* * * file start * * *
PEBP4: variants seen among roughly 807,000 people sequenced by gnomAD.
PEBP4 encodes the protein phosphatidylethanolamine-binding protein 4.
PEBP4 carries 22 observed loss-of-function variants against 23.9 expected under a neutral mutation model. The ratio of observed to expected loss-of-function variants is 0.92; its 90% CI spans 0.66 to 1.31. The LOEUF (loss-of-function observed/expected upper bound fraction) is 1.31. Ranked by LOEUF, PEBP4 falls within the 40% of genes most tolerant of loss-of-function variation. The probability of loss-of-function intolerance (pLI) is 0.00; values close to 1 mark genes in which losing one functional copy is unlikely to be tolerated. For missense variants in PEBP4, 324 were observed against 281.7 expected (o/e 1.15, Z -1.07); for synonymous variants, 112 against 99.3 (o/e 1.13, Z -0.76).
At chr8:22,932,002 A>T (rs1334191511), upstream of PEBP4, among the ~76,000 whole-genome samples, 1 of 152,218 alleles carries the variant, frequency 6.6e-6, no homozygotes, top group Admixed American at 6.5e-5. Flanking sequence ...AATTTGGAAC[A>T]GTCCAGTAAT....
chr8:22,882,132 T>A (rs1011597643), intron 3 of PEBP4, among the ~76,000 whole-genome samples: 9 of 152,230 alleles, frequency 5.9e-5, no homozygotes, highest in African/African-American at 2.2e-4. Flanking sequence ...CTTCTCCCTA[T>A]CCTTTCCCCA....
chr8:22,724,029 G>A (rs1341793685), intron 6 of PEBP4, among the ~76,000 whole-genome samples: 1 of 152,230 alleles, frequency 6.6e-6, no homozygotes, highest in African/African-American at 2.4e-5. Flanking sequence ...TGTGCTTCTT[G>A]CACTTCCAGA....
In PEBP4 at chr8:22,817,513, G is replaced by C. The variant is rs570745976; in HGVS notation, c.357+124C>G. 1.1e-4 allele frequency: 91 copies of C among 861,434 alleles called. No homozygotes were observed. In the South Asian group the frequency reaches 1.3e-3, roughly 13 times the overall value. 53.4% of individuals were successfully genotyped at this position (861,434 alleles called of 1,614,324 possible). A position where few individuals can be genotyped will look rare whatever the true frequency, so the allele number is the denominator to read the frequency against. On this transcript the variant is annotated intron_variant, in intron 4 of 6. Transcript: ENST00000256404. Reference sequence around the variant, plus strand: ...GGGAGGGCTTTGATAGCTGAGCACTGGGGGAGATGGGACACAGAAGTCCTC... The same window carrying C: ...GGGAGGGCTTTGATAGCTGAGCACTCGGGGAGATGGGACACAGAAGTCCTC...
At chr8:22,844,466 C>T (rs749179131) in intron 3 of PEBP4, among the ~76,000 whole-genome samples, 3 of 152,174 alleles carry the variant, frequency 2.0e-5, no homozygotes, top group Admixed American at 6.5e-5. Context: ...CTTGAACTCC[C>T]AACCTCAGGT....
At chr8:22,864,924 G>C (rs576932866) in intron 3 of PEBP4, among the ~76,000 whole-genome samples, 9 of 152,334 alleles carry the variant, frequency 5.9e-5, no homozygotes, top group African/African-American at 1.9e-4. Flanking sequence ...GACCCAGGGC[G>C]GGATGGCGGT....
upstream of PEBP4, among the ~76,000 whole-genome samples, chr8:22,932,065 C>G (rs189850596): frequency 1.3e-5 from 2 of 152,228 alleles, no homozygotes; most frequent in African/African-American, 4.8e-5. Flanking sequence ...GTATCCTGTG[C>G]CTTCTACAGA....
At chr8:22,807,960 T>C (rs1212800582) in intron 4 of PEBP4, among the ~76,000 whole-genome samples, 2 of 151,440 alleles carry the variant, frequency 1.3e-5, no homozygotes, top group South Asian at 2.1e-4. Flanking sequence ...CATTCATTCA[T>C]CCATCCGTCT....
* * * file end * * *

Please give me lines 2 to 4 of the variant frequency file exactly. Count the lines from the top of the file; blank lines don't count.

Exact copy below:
PEBP4 encodes the protein phosphatidylethanolamine-binding protein 4.
PEBP4 carries 22 observed loss-of-function variants against 23.9 expected under a neutral mutation model. The ratio of observed to expected loss-of-function variants is 0.92; its 90% CI spans 0.66 to 1.31. The LOEUF (loss-of-function observed/expected upper bound fraction) is 1.31. Ranked by LOEUF, PEBP4 falls within the 40% of genes most tolerant of loss-of-function variation. The probability of loss-of-function intolerance (pLI) is 0.00; values close to 1 mark genes in which losing one functional copy is unlikely to be tolerated. For missense variants in PEBP4, 324 were observed against 281.7 expected (o/e 1.15, Z -1.07); for synonymous variants, 112 against 99.3 (o/e 1.13, Z -0.76).
At chr8:22,932,002 A>T (rs1334191511), upstream of PEBP4, among the ~76,000 whole-genome samples, 1 of 152,218 alleles carries the variant, frequency 6.6e-6, no homozygotes, top group Admixed American at 6.5e-5. Flanking sequence ...AATTTGGAAC[A>T]GTCCAGTAAT....